How CSOs can effectively influence the C-suite

Security executives discuss keys to successful leadership at The Great Conversation


Senior security leaders from organizations across the country gathered this week in Seattle for the annual ASG Security Summit/The Great Conversation event to learn about the challenges facing their peers and to share industry best practices. The theme throughout the event centered on what security executives need to do to get a seat at the table with decision makers within their companies and how they can prove the value of their department to the C-suite.

Ron Worman, managing director of The Sage Group, who moderated a “State of the Industry” panel discussion that included former Starbucks vice president of partner and asset protection Francis D’Addario, OR3M CSO Jeffrey Slotnick, and William Plante, director of professional services for Aronson Security Group, said that security is in its third generation with technology and services being focused on information management. The first generation, he said, involved locks, guards and gates, while the second generation included bringing devices onto the corporate network. Industry analysis presented at last year’s event from Gartner showed that, for the most part, security budgets within organizations were expected to stay relatively flat, only increasing by a half of percent. According to Worman, this projection has held true this year and security executives are being asked to do more with less.

D’Addario stressed that security executives must have a strategic outlook and vision for their department. The focus, he said, should not strictly be on optimizing costs, but on optimizing results for the organization. “Things are always going to happen,” D’Addario said, “but we’re going to talk about them before they do.  It’s not about enterprise risk management; it’s about board-level risk.”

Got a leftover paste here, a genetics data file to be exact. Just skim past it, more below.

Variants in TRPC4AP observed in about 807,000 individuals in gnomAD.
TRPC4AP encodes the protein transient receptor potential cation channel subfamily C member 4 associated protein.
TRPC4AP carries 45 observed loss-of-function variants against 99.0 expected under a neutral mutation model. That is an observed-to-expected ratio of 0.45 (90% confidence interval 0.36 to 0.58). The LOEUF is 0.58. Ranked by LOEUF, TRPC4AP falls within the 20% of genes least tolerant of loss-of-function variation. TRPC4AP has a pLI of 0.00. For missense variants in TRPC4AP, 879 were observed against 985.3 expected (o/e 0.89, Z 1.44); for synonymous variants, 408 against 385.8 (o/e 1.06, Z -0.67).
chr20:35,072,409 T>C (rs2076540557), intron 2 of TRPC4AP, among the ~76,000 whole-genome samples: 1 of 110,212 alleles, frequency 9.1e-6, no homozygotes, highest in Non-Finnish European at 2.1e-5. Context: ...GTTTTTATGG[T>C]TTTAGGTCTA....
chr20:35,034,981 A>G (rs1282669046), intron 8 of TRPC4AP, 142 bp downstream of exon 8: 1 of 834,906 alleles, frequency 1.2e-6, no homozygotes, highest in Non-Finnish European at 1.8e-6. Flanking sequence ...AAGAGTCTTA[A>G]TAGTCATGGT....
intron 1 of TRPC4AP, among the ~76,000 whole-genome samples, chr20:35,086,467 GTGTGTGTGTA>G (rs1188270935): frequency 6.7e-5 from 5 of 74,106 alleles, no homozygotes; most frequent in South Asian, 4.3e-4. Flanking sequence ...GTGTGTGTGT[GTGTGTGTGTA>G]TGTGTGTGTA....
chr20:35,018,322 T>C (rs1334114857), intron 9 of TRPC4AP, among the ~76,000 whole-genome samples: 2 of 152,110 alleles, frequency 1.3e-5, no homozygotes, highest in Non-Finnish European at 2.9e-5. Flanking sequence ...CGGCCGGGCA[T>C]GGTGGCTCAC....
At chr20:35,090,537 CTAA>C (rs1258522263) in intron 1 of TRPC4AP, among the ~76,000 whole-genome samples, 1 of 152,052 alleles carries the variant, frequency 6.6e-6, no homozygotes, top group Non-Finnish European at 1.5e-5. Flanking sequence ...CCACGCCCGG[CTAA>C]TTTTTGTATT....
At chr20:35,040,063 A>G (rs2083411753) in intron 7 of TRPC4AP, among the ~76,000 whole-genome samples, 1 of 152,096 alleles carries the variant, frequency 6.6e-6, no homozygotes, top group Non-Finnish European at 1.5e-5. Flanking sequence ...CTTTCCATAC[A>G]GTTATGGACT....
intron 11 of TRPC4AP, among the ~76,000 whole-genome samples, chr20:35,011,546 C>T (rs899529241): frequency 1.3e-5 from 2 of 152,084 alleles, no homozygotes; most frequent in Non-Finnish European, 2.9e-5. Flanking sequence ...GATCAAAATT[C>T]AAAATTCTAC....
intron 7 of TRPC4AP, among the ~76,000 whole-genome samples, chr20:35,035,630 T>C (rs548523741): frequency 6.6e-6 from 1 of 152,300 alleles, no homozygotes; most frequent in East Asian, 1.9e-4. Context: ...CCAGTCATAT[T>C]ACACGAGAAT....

Slotnick, who has been influential in helping develop industry standards around organizational resilience management, said that security has increasingly moved out of its silos within organizations and has started to work with all of a company’s stakeholders. He believes, however, that some security managers are still hampered within their organizations due to their inability to speak the “language of business.”

In addition to the panel discussion, there were also three keynote speeches at the event focused on three topics: Leadership, resilience, and metrics.

Leadership

Providing a perspective on how security should work hand-in-hand with the C-suite was Microsoft Chief Accounting Officer Frank Brod, who serves as the company’s corporate vice president of finance and administration. Brod, who plays a key role in every financial decision at Microsoft, said that he works closely with the company’s security department, which has the monumental task of keeping over 180,000 employees working in 200 countries around the world safe.

While many companies see security as a cost center, Brod said it’s a top priority for Microsoft, which has more than 700 facilities worldwide, In addition to the obvious access control concerns with a company the size of Microsoft, Brod said they also have to secure special events, ensure safe travel for employees and executives, conduct background checks, as well as secure information and cyber assets. The company also has a fraud investigations unit and even monitors social media sites to ascertain whether or not there could be a threat to one of their facilities, according to Brod. To accomplish these tasks, the company has three security operations centers located in the U.S., the UK and India that provide around-the-clock surveillance and security.

With a background in the chemical industry, Brod is intimately familiar with how vital the security arm of an organization is and he believes there are several steps security managers can take to become more influential in their organization. These include being able to articulate a clear strategy, acting as an ambassador for the company’s goals, and serving as a coach and mentor to others.

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